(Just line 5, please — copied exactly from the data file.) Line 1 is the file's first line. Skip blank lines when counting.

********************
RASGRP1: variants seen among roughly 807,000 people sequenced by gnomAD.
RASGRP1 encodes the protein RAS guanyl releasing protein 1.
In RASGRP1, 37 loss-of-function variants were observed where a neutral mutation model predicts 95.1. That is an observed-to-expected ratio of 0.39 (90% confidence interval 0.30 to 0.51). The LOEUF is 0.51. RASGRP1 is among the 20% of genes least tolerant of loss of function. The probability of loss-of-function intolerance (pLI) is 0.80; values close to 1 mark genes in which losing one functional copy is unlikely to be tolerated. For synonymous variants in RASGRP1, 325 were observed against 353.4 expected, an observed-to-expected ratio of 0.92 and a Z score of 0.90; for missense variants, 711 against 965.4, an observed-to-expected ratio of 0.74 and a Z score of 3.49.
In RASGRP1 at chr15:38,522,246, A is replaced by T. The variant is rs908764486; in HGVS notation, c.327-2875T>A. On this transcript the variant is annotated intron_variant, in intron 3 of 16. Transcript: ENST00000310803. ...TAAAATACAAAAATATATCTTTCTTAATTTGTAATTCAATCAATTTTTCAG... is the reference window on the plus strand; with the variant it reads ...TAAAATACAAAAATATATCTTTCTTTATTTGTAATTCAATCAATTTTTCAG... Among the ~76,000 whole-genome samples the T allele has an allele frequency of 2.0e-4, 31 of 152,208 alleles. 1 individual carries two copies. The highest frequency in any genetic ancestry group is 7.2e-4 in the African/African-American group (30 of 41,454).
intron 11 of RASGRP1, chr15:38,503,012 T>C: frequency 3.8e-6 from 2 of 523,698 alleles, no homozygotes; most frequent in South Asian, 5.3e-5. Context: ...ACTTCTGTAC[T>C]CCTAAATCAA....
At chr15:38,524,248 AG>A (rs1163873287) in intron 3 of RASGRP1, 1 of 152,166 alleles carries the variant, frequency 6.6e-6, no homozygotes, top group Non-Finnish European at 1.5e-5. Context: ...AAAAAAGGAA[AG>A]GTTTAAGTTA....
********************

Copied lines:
intron 11 of RASGRP1, chr15:38,503,012 T>C: frequency 3.8e-6 from 2 of 523,698 alleles, no homozygotes; most frequent in South Asian, 5.3e-5. Context: ...ACTTCTGTAC[T>C]CCTAAATCAA....